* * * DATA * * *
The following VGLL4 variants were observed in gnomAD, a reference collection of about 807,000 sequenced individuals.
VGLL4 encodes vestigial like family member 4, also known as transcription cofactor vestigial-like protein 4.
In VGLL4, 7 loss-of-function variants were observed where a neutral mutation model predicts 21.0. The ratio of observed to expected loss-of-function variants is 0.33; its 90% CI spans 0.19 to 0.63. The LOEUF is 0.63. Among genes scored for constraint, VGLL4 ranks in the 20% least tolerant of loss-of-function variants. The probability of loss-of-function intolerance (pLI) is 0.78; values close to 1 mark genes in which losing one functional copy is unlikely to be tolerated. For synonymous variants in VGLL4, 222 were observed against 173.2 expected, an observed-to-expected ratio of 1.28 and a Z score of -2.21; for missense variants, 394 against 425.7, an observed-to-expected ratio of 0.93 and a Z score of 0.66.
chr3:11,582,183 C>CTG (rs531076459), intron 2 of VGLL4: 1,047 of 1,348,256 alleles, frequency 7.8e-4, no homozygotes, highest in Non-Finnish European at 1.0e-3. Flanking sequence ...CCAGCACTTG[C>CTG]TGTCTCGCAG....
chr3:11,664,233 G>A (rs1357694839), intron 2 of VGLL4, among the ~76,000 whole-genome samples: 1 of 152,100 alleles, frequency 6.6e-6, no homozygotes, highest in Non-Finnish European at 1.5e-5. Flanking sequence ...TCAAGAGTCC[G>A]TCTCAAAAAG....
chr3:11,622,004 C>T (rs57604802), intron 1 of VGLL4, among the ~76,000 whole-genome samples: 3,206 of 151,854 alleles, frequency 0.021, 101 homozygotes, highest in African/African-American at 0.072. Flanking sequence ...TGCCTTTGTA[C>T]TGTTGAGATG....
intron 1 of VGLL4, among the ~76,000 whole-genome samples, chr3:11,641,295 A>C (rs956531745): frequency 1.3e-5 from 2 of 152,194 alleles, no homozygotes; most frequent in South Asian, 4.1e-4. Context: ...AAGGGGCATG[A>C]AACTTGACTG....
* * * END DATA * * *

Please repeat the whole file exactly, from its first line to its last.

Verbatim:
The following VGLL4 variants were observed in gnomAD, a reference collection of about 807,000 sequenced individuals.
VGLL4 encodes vestigial like family member 4, also known as transcription cofactor vestigial-like protein 4.
In VGLL4, 7 loss-of-function variants were observed where a neutral mutation model predicts 21.0. The ratio of observed to expected loss-of-function variants is 0.33; its 90% CI spans 0.19 to 0.63. The LOEUF is 0.63. Among genes scored for constraint, VGLL4 ranks in the 20% least tolerant of loss-of-function variants. The probability of loss-of-function intolerance (pLI) is 0.78; values close to 1 mark genes in which losing one functional copy is unlikely to be tolerated. For synonymous variants in VGLL4, 222 were observed against 173.2 expected, an observed-to-expected ratio of 1.28 and a Z score of -2.21; for missense variants, 394 against 425.7, an observed-to-expected ratio of 0.93 and a Z score of 0.66.
chr3:11,582,183 C>CTG (rs531076459), intron 2 of VGLL4: 1,047 of 1,348,256 alleles, frequency 7.8e-4, no homozygotes, highest in Non-Finnish European at 1.0e-3. Flanking sequence ...CCAGCACTTG[C>CTG]TGTCTCGCAG....
chr3:11,664,233 G>A (rs1357694839), intron 2 of VGLL4, among the ~76,000 whole-genome samples: 1 of 152,100 alleles, frequency 6.6e-6, no homozygotes, highest in Non-Finnish European at 1.5e-5. Flanking sequence ...TCAAGAGTCC[G>A]TCTCAAAAAG....
chr3:11,622,004 C>T (rs57604802), intron 1 of VGLL4, among the ~76,000 whole-genome samples: 3,206 of 151,854 alleles, frequency 0.021, 101 homozygotes, highest in African/African-American at 0.072. Flanking sequence ...TGCCTTTGTA[C>T]TGTTGAGATG....
intron 1 of VGLL4, among the ~76,000 whole-genome samples, chr3:11,641,295 A>C (rs956531745): frequency 1.3e-5 from 2 of 152,194 alleles, no homozygotes; most frequent in South Asian, 4.1e-4. Context: ...AAGGGGCATG[A>C]AACTTGACTG....